Poverty, unemployment, and you

16 Feb

What is poverty in America?  What is being poor?  How long do you have to be unemployed before you aren’t even really going to be considered for a job?  How many people are unemployed because they just don’t try hard enough to find a job?

We see poverty everywhere.  There is the couple seeking shelter under the awning in front of the grocery store, at least until an employee is sent out to chase them away.  They are sharing some food out of a grocery bag with their dog, staring at the people going in and out with blank stares.  They are dirty, they lean against a ragged backpack that holds their worldly possessions.  The dog is as thin as they are, and wears a ragged piece of rope as a combination collar and leash.  A plastic bowl holds some water for the dog, poured out of a gallon jug that seems to have been refilled many times recently.  As people approach the store, they look away, afraid to make eye contact.  The couple may ask for money.  They might smell bad.

On the corner, by the stop sign, there is a man with a small plastic American flag sitting under the tree.  He’s been there every time you have passed by over the last couple of months.  He too has a backpack, but looks a little cleaner.  He’s not asking for anything, there are no pedestrians here.  He sits on a small square of a blanket, his backpack by his side.  He has a ragged paperback, and he’s reading it, not paying much attention to the cars that pass by.  They don’t pay much attention to him either.  You notice his beard and hair look a little greasier and longer than last week.  Maybe you wonder if he sleeps right there too.

As you drive down the road, you see a bicyclist pedaling along too.  You’ve seen him around before as well.  He talks to himself, a lot.  He also has a battered plastic milk crate strapped onto the back of his bike and it is packed with mysterious bundles and covered with a tarp on top.  He’s also got a backpack.  He’s none too clean either, and the bike saw its better days a long time ago.  He heads one way in the morning, and in the afternoon, he’s pedaling a different direction.  Someone told you he sleeps in a camp in the woods at the edge of town.  Sometimes you wonder if there are others sleeping in those woods, and how much crime they are responsible for.

You never wonder what they do when it is pouring rain, scorching hot, or freezing cold.  You never wonder if they get mail or if they have somewhere to go for a hot dinner on a holiday.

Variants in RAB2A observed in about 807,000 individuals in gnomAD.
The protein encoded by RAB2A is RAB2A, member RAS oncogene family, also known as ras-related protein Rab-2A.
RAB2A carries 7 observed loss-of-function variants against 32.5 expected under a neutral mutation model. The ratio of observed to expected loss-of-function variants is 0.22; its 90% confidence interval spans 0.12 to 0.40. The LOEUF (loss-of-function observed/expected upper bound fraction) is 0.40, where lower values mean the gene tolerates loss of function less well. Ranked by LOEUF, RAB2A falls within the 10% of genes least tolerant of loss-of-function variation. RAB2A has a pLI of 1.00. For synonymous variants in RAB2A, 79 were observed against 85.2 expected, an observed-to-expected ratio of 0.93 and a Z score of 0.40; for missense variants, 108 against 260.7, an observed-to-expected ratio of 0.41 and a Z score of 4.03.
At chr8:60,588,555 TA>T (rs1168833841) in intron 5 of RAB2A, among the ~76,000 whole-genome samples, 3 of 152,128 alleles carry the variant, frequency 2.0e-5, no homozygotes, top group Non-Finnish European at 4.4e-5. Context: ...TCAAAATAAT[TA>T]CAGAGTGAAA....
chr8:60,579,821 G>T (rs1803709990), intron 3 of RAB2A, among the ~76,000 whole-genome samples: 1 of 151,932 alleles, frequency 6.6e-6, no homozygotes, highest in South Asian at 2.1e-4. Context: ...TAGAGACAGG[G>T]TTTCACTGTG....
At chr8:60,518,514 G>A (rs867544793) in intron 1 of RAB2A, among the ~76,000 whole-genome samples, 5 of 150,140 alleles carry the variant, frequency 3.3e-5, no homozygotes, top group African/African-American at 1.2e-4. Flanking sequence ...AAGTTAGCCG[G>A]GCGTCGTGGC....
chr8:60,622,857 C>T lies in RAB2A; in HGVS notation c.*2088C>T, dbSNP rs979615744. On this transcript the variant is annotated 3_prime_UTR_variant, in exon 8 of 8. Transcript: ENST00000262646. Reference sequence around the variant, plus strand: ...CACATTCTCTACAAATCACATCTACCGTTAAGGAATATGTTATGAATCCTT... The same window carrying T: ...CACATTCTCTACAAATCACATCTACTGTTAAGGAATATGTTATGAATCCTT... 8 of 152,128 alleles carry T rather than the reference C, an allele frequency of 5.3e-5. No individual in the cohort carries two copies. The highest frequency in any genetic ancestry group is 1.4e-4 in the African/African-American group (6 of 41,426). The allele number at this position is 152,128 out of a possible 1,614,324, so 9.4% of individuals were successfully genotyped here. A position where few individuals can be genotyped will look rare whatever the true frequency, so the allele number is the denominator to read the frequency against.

If someone proposes a “soup kitchen” or a shelter in your neighborhood, you storm city hall.  You don’t want that riff raff in YOUR neighborhood.  You don’t want it in the neighborhood you shop in either.  You want these people to become invisible, because then, you don’t have to feel guilty about your own lack of charity towards them.  Out of sight, out of mind.

After all, you work hard for what you have.  You have a good job, a nice house, a new car, and your kids go to school and stay out of trouble.  You aren’t like them.

If you suddenly lost that job, and couldn’t find another, how long would you really last?

How long would it be before you too were among the homeless, the poor, and the unemployed?

Most people, within 3-6 months, would have lost their homes, even if they did have unemployment.  Their cars would have been repossessed too.  At that point, finding a cheaper rental and a used car to replace the one you lost would be your priorities, but what if you couldn’t find either one?

What if  you were sick, and unable to work?  If your budget was eaten away by medications you needed to stay alive?  How would you really survive?

Before you look away, before you refuse to donate to a charity that feeds, houses, and helps the homeless get medications and other necessities…put yourself in their shoes.  Sure, there are some who are homeless by choice.  Unfortunately, in today’s economy, a lot of the new homeless are the former middle class, people who once upon a time, lived a very typical middle class life.  They don’t want to be homeless, living in their car or a hidden camp somewhere.  They want to have a “normal” life, just like you.  They tried, and whether through bad luck, poor planning, or bad choices….they failed.

Before you pass judgement, before you accuse them of anything, remember…

“But for the grace of God, go I”


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